Facebook Pay will be used to process all paid online events purchases, which means businesses and creators won’t have to pay that 30% App Store tax through the rest of the year. 

“This is a difficult time for small businesses and creators, which is why we are not collecting any fees from paid online events while communities remain closed for the

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Apple won’t collect fees on paid Facebook events until 2021

Now, Apple has agreed to let Facebook Pay process all paid online event purchases. This means Facebook can absorb the cost, and Apple won’t get a cut. But this agreement only lasts until December 31st.

“Apple has agreed to provide a brief, three-month respite after which struggling businesses will have to, yet again, pay Apple the full 30 percent App Store tax,” a Facebook spokesperson said. Facebook will not collect fees until August 2021.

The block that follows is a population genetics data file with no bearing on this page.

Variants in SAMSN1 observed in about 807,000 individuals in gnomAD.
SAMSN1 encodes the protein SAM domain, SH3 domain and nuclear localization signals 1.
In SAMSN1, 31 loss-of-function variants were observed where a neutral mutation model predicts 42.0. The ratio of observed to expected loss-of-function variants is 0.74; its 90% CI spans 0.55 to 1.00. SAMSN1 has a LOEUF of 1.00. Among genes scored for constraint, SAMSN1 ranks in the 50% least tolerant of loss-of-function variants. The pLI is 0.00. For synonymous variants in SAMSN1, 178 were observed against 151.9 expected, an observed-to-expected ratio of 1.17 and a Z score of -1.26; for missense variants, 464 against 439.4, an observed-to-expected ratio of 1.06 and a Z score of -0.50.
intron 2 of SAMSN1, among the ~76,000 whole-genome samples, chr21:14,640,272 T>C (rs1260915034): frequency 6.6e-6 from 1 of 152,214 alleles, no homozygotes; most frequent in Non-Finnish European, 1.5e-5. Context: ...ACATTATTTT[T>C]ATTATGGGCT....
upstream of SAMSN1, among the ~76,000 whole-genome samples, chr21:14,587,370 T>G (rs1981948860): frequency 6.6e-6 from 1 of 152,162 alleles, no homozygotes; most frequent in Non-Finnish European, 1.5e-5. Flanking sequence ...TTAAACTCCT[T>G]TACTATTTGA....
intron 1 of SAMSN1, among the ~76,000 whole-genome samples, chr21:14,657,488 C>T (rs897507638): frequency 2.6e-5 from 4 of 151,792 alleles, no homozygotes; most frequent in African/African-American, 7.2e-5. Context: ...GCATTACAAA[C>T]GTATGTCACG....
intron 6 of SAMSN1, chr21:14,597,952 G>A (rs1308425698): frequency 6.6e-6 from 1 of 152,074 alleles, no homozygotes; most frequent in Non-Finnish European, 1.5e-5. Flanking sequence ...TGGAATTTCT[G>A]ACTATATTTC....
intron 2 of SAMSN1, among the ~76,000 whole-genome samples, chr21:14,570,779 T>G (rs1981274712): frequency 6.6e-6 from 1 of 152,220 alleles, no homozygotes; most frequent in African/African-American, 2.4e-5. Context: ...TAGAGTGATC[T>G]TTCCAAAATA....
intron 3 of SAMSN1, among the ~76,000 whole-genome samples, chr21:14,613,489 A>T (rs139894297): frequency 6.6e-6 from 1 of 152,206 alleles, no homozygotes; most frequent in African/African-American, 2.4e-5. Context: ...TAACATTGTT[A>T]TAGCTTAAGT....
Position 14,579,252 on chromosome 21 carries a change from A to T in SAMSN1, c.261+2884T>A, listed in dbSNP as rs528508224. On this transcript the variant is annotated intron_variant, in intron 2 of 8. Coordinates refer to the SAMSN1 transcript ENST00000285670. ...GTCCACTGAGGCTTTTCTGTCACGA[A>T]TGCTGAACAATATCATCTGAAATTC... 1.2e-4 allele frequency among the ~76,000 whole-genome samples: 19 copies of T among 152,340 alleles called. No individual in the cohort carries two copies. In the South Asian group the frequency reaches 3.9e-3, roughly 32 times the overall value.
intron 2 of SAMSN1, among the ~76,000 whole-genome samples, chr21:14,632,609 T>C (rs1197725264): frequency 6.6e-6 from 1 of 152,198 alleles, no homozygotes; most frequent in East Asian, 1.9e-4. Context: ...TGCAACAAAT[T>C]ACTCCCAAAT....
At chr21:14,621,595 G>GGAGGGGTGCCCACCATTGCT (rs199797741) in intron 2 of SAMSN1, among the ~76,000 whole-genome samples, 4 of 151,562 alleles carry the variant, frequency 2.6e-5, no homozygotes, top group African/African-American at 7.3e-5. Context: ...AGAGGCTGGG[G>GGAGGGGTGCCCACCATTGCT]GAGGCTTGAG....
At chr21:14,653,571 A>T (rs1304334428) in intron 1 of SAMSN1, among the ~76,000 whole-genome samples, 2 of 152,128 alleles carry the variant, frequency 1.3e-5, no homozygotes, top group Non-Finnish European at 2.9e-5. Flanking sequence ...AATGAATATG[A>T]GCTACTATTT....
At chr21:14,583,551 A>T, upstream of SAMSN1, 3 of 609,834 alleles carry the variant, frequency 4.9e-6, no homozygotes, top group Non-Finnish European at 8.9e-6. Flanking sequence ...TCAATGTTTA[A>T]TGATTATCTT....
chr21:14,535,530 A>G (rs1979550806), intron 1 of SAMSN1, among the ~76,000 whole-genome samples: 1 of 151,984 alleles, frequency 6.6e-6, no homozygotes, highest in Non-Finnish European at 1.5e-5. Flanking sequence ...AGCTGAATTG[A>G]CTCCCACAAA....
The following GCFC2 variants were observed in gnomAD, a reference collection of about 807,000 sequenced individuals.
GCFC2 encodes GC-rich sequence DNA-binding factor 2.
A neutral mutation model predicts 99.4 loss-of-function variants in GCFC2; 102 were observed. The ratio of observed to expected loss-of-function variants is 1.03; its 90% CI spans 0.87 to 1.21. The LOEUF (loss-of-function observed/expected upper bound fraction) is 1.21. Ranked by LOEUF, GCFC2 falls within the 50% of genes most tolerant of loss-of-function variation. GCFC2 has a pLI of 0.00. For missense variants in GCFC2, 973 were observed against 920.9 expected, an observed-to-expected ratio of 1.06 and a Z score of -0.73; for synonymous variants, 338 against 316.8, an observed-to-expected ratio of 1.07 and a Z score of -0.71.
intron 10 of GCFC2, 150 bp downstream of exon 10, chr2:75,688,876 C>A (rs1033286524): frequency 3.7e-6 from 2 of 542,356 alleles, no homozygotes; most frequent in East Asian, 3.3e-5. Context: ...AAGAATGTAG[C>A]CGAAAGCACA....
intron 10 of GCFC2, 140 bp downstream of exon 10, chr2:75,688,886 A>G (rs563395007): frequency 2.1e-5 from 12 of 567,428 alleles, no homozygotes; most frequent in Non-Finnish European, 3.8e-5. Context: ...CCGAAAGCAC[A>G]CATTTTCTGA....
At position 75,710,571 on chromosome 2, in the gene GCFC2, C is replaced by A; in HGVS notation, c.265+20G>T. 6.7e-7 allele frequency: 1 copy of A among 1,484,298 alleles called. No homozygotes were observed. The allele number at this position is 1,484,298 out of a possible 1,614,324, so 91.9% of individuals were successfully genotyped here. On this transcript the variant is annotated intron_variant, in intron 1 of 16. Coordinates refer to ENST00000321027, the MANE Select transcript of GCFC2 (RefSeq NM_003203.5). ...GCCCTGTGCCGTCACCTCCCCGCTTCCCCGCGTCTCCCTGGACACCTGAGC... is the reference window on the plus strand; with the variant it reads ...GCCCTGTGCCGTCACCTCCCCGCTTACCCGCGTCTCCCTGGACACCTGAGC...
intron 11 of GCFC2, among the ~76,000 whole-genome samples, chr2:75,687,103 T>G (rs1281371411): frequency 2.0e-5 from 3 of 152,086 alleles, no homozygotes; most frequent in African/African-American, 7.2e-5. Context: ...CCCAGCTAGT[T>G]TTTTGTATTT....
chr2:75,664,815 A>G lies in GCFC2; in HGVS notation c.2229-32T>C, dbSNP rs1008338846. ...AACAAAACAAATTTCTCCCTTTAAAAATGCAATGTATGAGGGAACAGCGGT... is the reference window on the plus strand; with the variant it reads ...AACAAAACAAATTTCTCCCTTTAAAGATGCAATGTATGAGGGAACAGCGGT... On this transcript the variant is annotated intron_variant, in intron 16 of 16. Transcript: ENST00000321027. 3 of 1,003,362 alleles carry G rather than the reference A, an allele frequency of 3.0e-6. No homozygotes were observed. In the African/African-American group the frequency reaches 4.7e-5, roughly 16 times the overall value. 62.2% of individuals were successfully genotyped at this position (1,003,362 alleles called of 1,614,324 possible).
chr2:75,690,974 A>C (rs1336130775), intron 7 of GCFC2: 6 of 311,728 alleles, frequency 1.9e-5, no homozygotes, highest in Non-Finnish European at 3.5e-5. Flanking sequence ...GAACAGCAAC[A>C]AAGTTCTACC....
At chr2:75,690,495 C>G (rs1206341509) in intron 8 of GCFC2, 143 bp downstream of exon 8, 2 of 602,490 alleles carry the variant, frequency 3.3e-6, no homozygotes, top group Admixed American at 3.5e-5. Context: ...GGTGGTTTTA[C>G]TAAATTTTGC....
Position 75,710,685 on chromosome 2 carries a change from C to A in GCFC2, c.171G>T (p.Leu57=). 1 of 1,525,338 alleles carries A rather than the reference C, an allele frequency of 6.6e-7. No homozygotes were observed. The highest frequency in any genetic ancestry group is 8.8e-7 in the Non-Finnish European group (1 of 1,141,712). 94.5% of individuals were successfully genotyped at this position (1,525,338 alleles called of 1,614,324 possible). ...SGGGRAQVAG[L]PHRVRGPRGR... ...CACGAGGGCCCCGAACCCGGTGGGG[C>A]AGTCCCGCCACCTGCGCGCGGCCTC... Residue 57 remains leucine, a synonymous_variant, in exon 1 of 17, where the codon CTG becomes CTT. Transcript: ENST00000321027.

The other big catch is that Facebook Gaming creators are left out of the deal. They’ll still have to hand over 30 percent of earnings that come through the iOS app.

“Apple’s decision to not collect its 30 percent tax on paid online events comes with a catch: gaming creators are excluded from using Facebook Pay in paid online events on iOS,” said Vivek Sharma, VP of Facebook Gaming. “We unfortunately had to make this concession

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Apple Suspends Commissions for Apps Offering Paid Online Events Due to Coronavirus

Apple Inc.


AAPL 3.75%